The East Sea (South China Sea) is really a fisheries dispute

Although the East Sea (SCS) covers only 2.5% of the Earth’s surface, it comprises some 12% of the total global fish catch. Unfortunately, the region’s fisheries are in serious jeopardy. As of 2008, virtually all SCS fishery stocks were collapsed (roughly 25%), over-exploited (roughly 25%), or fully-exploited (roughly 50%). The situation is only worsening. The most important aspect of the disputes is not oil or sovereignty—it is whether or not SCS fish continue to appear on Asia’s menus. 

Four trends in particular are important: sustainability, economic importance, rising demand, and declining access. The fishing industry continues to be critical to China’s economy. Fishing revenues make up about 3 percent of China’s GDP and generate up to $279 billion (1.732 trillion RMB) annually. Perhaps more importantly, China employs between 7 and 9 million fishermen (over 14 million industry-wide) who operate over 450,000 fishing vessels (nearly 200,000 are ocean-going vessels) comprising the largest fleet on Earth. Many of these workers have little option for alternative employment.

Fishing is equally important to other SCS claimants. The Philippines employ some 1.5 million traditional fishermen and the industry accounts for 2.7% of national GDP, with three-fourths of the total fishing production from the SCSFish comprises some 35.3% of all animal proteins consumed in Vietnam and in the Philippines and Indonesia that number is even higher—42.6% and 57.3% respectively. As one Filipino senator put it, retaining access to fisheries in the face of Chinese advances is not just a matter of economics, but of “starvation.”

A Way Forward

If dwindling fisheries are significant drivers of regional competition, there may be a silver lining that gives some grounds for optimism. Fish are much more tangible objects of negotiation than sovereignty or historical ownership claims. Claimant states, and China in particular, must work to resolve the tensions between pursuing maritime sustainability and retaining unlimited access. Durable regional solutions must begin with domestic approaches that work to sustainably supply China’s fish food demand and provide employment alternatives to millions of over-subsidized Chinese fishermen.  Allowing domestic groups to leverage sovereignty narratives to advance their individual interest impedes constructive regional solutions and works against China’s broader national interests.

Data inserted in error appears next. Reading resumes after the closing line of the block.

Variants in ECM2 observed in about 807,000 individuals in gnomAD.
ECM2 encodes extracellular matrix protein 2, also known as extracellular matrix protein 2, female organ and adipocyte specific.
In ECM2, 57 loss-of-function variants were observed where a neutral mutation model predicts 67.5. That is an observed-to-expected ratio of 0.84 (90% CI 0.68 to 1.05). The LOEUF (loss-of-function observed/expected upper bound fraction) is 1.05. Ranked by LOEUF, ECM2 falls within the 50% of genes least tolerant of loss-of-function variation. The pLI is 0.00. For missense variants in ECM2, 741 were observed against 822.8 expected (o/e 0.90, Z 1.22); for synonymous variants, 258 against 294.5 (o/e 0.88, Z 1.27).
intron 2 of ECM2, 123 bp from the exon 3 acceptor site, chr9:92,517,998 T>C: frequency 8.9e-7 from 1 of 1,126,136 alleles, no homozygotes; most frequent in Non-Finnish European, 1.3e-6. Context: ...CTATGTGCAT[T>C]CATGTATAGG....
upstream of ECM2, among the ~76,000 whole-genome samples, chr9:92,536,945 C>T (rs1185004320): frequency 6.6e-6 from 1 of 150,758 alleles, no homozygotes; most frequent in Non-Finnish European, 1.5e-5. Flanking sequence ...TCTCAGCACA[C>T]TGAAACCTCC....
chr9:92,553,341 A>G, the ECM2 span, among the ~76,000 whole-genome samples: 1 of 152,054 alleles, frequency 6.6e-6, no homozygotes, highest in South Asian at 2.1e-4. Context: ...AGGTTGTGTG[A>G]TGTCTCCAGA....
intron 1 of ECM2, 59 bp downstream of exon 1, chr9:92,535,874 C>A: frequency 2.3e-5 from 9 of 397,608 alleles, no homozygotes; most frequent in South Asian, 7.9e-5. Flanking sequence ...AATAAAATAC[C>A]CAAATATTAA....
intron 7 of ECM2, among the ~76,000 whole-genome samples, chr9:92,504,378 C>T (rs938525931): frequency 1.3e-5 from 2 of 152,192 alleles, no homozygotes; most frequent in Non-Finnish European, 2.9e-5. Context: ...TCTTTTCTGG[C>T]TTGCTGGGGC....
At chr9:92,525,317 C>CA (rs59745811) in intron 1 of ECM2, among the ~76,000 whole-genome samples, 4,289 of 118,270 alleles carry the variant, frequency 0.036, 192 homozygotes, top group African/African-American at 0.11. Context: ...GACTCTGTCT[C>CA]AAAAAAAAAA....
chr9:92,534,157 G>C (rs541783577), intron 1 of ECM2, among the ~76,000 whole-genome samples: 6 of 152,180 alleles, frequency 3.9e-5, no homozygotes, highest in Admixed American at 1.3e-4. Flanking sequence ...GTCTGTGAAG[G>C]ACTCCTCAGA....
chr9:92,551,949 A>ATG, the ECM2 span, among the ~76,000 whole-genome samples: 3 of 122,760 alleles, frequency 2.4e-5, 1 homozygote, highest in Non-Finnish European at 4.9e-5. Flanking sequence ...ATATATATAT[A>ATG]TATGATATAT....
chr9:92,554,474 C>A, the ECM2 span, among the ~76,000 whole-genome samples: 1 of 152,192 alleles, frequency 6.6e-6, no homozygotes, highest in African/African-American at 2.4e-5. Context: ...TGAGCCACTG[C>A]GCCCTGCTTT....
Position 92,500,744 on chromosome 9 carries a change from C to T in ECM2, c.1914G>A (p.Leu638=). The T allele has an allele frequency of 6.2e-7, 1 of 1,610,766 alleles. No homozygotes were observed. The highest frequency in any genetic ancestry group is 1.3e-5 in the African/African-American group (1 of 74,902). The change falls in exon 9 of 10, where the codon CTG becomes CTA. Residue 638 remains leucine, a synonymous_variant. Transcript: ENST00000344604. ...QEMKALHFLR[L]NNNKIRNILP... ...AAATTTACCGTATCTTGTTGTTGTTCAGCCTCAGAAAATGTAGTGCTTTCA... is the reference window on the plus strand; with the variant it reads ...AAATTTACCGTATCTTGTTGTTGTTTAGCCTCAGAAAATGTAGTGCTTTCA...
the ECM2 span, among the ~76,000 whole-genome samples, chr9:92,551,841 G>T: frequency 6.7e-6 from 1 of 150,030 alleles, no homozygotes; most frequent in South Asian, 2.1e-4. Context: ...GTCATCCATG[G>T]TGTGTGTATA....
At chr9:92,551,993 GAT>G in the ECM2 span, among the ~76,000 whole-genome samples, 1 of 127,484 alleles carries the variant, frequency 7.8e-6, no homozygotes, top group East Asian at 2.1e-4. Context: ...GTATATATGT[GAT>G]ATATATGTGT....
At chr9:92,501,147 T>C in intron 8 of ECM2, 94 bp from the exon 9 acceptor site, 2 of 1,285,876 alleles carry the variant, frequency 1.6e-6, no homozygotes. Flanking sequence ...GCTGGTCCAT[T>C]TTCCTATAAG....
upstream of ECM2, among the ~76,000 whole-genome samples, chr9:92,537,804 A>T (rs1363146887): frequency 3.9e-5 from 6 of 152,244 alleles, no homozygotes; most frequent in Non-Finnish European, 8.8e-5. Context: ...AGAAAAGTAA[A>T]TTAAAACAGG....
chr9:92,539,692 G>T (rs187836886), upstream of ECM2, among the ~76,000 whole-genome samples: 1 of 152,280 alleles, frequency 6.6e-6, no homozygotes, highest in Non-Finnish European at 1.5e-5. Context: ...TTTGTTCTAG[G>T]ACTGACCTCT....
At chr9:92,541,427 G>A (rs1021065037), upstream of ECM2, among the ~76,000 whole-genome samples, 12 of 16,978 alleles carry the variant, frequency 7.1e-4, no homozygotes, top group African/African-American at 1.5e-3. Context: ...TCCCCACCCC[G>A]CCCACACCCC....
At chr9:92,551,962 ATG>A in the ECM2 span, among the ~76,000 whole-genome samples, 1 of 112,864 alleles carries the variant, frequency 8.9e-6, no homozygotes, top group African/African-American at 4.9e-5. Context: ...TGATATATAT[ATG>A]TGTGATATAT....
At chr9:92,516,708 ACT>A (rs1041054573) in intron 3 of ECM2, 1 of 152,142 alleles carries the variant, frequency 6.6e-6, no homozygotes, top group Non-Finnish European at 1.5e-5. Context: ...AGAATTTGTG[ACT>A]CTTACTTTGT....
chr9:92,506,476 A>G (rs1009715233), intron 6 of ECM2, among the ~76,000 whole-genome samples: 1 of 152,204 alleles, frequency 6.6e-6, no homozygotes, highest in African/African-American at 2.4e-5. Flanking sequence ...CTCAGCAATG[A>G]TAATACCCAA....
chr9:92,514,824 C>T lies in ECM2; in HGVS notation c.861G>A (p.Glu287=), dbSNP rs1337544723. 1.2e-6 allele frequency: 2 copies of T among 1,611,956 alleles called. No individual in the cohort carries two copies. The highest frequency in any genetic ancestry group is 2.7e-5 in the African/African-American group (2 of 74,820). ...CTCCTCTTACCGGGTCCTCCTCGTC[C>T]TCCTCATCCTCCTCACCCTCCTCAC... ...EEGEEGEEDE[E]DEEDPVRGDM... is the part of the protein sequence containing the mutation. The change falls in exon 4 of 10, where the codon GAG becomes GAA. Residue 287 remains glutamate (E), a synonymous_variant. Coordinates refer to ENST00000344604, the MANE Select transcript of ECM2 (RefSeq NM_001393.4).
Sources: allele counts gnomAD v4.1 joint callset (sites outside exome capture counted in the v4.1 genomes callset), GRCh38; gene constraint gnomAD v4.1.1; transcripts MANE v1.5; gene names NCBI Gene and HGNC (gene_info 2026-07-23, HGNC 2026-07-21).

Sovereignty and sustainability need to be separated in the South China Sea. Claimants might explore multilateral options under UNCLOS Section 197, which mandates that regions “shall” cooperate as required to formulate and elaborate “international rules, standards, and recommended practices and procedures… for the protection and preservation of the marine environment, taking into account characteristic regional features.” Such regional cooperation is urgent and necessary, even when the “characteristic regional features” include intractable sovereignty disputes. Deng Xiaoping’s 1979 proposal to shelve sovereignty disputes and pursue joint development of resources might provide a political basis for Beijing to pursue this approach—especially if it is framed as the necessary condition for continued Chinese access to sustainable fisheries in the SCS that can help meet future demand.

Captain Adam Greer is an officer in the United States Air Force and a Pacific Forum, CSIS WSD-Handa Fellow; some of this research was conducted at the National Defense University’s Center for the Study of Chinese Military Affairs. The views expressed are his own and do not reflect the official policy or position of the United States Air Force, the National Defense University, the Department of Defense, or the U.S. government.

Source: The South China Sea Is Really a Fishery Dispute, The Diplomat, Jul 20, 2016

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